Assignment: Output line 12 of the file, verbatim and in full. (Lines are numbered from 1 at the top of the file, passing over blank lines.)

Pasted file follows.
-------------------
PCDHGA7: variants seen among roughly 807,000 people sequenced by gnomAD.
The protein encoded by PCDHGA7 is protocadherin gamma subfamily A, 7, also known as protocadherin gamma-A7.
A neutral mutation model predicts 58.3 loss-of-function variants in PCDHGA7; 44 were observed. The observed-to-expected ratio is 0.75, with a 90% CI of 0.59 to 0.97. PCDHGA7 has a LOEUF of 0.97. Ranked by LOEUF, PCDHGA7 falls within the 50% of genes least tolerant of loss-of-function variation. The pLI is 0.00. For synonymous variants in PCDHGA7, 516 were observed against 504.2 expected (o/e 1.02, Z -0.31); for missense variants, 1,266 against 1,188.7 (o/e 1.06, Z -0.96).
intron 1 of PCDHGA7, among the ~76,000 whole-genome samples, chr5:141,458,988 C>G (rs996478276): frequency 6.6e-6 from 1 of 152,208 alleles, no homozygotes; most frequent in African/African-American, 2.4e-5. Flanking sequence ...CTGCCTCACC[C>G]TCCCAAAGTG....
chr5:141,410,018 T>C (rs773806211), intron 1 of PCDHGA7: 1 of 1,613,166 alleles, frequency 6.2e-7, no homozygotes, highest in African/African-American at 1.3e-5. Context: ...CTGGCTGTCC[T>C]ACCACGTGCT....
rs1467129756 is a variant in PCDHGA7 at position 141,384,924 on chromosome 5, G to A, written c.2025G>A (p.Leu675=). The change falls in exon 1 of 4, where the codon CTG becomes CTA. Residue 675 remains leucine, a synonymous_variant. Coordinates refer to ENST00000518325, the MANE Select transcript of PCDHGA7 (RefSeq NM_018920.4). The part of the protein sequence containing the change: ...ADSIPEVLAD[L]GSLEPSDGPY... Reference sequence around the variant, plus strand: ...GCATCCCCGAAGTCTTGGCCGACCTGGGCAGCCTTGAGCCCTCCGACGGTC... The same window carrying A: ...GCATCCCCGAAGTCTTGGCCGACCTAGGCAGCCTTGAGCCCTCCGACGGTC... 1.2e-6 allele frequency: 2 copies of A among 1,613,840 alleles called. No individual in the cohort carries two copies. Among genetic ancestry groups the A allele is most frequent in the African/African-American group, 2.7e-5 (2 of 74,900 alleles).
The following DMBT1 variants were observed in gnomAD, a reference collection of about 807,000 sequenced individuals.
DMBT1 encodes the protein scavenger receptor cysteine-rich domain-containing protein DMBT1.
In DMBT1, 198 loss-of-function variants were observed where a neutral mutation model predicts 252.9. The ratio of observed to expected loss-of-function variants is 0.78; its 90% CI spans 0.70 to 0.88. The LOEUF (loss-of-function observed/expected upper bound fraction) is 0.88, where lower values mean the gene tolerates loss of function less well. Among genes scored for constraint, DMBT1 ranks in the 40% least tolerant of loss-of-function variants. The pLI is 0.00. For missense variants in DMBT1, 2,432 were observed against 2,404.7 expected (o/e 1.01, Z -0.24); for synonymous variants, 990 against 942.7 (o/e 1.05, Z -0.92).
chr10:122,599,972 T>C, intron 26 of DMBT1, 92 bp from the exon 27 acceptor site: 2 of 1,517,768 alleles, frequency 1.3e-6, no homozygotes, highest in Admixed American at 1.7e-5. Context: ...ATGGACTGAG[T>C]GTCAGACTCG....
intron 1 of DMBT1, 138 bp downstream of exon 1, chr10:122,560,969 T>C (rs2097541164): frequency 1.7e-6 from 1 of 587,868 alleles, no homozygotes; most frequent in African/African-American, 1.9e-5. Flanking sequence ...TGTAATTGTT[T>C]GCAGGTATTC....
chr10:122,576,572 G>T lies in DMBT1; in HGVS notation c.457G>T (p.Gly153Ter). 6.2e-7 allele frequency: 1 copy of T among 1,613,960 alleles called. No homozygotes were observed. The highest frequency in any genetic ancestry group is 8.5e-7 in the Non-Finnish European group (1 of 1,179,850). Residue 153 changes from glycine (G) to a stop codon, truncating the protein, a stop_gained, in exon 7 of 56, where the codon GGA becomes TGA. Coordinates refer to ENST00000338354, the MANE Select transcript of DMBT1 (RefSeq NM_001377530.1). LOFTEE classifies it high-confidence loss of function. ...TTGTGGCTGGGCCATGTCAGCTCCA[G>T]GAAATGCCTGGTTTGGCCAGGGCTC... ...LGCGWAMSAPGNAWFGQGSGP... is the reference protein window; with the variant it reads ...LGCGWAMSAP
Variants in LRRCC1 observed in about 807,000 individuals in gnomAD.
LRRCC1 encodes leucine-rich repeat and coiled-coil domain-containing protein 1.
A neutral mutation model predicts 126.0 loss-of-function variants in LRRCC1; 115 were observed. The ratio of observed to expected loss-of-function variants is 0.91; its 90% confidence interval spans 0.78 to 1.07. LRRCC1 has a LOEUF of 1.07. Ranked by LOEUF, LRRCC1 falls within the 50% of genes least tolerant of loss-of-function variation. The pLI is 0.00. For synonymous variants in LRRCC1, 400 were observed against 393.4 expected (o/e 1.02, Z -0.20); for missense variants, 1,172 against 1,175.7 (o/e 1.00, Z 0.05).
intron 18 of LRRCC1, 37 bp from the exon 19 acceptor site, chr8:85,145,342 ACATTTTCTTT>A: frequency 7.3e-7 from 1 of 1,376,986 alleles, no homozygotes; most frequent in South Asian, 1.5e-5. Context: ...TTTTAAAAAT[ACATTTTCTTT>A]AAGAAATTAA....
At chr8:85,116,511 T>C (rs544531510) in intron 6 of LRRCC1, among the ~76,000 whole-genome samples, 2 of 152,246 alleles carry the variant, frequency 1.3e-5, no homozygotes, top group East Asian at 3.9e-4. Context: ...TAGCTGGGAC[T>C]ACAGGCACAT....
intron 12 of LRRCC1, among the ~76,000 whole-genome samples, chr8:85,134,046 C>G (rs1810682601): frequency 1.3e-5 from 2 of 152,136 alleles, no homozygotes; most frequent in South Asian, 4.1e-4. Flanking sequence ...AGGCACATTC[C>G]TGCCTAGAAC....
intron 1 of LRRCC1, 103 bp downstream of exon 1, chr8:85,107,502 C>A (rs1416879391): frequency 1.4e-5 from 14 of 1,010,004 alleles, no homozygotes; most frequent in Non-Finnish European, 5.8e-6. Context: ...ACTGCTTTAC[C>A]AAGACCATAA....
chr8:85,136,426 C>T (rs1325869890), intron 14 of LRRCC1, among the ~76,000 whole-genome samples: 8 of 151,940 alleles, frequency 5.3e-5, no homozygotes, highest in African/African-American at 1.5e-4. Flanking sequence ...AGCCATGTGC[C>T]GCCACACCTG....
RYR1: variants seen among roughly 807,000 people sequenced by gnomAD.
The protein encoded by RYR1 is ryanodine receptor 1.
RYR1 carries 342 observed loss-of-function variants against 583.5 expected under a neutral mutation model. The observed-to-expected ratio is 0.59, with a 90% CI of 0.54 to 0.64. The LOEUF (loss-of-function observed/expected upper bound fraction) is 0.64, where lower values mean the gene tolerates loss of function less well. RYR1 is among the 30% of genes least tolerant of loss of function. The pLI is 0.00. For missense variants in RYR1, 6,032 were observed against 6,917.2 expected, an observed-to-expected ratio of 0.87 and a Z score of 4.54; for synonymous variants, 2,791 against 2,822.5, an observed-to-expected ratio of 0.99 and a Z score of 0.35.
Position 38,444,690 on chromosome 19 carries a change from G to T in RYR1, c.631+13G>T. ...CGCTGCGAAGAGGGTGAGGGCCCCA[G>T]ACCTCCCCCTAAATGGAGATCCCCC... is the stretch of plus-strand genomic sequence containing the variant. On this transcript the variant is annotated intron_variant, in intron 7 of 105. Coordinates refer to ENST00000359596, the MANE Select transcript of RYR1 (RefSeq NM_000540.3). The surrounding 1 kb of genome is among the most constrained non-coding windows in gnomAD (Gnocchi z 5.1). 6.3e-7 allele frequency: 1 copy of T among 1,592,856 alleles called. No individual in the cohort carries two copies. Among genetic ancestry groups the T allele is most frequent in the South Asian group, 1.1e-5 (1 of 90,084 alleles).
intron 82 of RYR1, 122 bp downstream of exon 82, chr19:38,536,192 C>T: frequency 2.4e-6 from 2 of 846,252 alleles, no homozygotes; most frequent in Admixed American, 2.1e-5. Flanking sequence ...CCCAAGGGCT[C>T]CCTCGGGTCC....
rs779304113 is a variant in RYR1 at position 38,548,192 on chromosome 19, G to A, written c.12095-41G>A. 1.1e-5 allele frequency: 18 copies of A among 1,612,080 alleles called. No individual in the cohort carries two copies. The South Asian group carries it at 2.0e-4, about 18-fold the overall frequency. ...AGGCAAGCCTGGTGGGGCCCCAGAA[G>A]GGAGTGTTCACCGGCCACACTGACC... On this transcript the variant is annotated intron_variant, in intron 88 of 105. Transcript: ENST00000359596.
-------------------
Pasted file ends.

chr10:122,576,572 G>T lies in DMBT1; in HGVS notation c.457G>T (p.Gly153Ter). 6.2e-7 allele frequency: 1 copy of T among 1,613,960 alleles called. No homozygotes were observed. The highest frequency in any genetic ancestry group is 8.5e-7 in the Non-Finnish European group (1 of 1,179,850). Residue 153 changes from glycine (G) to a stop codon, truncating the protein, a stop_gained, in exon 7 of 56, where the codon GGA becomes TGA. Coordinates refer to ENST00000338354, the MANE Select transcript of DMBT1 (RefSeq NM_001377530.1). LOFTEE classifies it high-confidence loss of function. ...TTGTGGCTGGGCCATGTCAGCTCCA[G>T]GAAATGCCTGGTTTGGCCAGGGCTC... ...LGCGWAMSAPGNAWFGQGSGP... is the reference protein window; with the variant it reads ...LGCGWAMSAP